What initially appeared to be a collection of rags at the bottom of the North Sea has been found to contain a luxurious wardrobe that may have belonged to one of Charles I’s female courtiers. The treasure trove was discovered in 2014 by divers off the coast of the Netherlands.
Apparently, the area that this shipwreck was discovered, around the Dutch island of Texel, is full of other shipwrecks. This is mostly due to the fact that this area was once used by vessels as a safe harbor while they were ploughing the North Sea. Unfortunately, many ships encountered trouble while entering or leaving the region.
The shipwreck in which the items were recovered had been recently exposed by a storm, which had washed away the silt that had covered the wreck for four centuries. Once the divers had separated their haul, they realized that some items were remarkably well-preserved and appeared to be from the Stuart dynasty. This connection was suggested by the Bible that was found in the shipwreck; it had the stamp of the Stuart Crest on its cover.
The collection of rags turned out to be several antique dresses, according to the project leader, Rob van Eerden, to The Times. One of these dresses was nearly intact; an impressive find. One Dutch expert said that the dress was the first complete item of clothing from the era to have been found in the country. All of the dresses, intact or not, were made of silk and embroidered with silver and gold thread. Such decadence implies that they must have been owned by wealthy and powerful people. Other recoveries aside from the dresses and the Bible were boots, a wooden comb, and a velvet purse. All items that are likely found in the wardrobe of a nobleman.
Researchers have found a letter that proves that one of the ships carrying the possessions and retinue of Queen Henrietta Maria, who was wife of Charles I, sank in the same area as the new discovery. Her ship was headed for Holland in 1642 as part of a convoy of 12 ships.The reason that the queen and her ships sailed to Holland lies with the English Civil War and with her husband, Charles I.
The opposing sides of the English Civil War were the pro-royal Cavaliers and the rebel Roundheads. It would, unfortunately, lead to the execution of Charles I. It all started with a series of fiery disagreements between the king and Parliament over which side had the right to exercise political power.
Led by Puritan general Oliver Cromwell, the Roundheads managed to kidnap Charles I and, in 1649, carried out his execution. His crime: treason. Afterwards, Cromwell was declared Lord Protector. When he died in 1658, his son Richard replaced him. These two men are the only people other than a king or queen to be the head of state in England.
Richard Cromwell did not have an easy time of it either. By 1660, he had lost confidence in the army. Charles II, the son of Charles I, took the throne and ushered in the period known as the Restoration.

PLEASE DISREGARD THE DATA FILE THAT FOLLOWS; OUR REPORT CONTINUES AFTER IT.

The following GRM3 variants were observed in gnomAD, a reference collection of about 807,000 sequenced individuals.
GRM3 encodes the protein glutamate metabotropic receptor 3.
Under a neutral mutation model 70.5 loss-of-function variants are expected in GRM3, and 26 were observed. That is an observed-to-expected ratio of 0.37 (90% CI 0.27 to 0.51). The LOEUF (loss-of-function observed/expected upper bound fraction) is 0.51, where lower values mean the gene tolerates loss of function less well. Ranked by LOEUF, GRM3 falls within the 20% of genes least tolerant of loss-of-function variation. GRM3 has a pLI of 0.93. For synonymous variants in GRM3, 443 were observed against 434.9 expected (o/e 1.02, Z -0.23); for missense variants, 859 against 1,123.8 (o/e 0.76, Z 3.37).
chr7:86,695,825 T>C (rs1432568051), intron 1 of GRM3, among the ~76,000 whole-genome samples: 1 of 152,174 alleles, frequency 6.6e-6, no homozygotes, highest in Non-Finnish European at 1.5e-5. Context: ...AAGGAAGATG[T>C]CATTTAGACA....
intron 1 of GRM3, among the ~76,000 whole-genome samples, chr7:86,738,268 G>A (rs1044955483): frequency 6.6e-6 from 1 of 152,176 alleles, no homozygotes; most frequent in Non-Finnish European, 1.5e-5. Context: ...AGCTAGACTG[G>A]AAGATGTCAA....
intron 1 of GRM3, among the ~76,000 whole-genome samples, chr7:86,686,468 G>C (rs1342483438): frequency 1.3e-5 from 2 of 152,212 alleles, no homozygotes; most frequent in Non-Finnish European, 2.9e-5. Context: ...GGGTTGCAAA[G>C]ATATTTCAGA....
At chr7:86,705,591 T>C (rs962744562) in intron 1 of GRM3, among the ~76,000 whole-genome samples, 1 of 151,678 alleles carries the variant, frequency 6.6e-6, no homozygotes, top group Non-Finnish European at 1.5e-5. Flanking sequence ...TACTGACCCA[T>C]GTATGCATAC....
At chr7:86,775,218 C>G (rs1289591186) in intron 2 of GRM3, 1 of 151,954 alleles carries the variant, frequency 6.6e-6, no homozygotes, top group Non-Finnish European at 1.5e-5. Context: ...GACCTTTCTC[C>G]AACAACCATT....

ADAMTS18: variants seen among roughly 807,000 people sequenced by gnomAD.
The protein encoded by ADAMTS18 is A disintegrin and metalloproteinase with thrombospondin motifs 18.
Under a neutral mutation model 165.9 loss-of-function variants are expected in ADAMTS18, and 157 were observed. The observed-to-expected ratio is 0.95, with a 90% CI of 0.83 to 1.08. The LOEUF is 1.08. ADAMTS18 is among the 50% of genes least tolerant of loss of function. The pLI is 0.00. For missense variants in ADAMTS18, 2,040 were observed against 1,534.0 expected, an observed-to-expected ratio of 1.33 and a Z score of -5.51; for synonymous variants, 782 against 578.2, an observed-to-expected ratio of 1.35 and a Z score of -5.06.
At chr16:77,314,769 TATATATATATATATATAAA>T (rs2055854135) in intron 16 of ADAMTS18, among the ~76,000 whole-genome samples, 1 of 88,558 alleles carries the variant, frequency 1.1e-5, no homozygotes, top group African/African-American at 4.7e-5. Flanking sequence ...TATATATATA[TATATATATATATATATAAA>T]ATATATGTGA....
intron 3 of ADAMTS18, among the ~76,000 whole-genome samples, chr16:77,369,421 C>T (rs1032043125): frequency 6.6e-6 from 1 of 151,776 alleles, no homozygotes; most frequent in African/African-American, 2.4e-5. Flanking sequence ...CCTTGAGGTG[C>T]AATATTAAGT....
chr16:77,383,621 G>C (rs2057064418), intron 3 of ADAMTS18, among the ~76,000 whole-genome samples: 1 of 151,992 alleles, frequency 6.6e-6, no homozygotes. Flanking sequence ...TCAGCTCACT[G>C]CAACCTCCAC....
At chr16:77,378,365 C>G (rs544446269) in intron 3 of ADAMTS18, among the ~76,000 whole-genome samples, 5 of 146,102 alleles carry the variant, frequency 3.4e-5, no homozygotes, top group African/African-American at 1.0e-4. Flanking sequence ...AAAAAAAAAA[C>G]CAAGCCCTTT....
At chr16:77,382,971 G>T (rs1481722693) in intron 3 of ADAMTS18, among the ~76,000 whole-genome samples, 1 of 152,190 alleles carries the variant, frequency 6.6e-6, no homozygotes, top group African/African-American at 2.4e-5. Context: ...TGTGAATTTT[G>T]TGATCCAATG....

Early on in the Civil War, Queen Henrietta Maria was determined to help her husband. In 1642, she sailed to the Netherlands to pawn off the family jewels to raise money for her husband against the Roundhead rebels. Due to her status, and the amount she meant to sell, her convoy had 12 ships. One of which has been recorded as lost at sea. This vessel contained some of the queen’s silver and the wardrobe of one Countess of Roxburghe.
The gowns that had been recovered have been tentatively suggested to have belonged to Jane Ker, the Countess of Roxburghe. She was a Scottish noble, who had been close to Anne, the mother of Charles I. The Countess encouraged Anne to keep her Catholic faith, despite the fact that Britain was firmly Protestant by that time. It was because of her stance on religion that in 1617 Jane Ker was banished from court. She made one failed attempt to rejoin the royal household before the war began. When Henrietta and the king were in trouble, however, the Countess would return. She would be relied on by Henrietta Maria and would serve as her advisor on her voyages abroad.
The queen would stay in Holland for one year before making the return journey to England, landing in Yorkshire and joining the Civil War campaign. She would go into exile in France in 1644. It was only after her son, Charles II, was restored to the throne and after the death of Oliver Cromwell that she returned to England for the last time.
The treasures that have been discovered and linked to her voyage are now on display in the Kaap Skil museum on Texel. They will stay there for at least a month before undergoing thorough examination by archeologists. Professor Maarten van Bommel, from the University of Amsterdam, commented on the magnitude of the find, saying, “We have seldom – perhaps even never – witnessed a find of this scale in a maritime context.”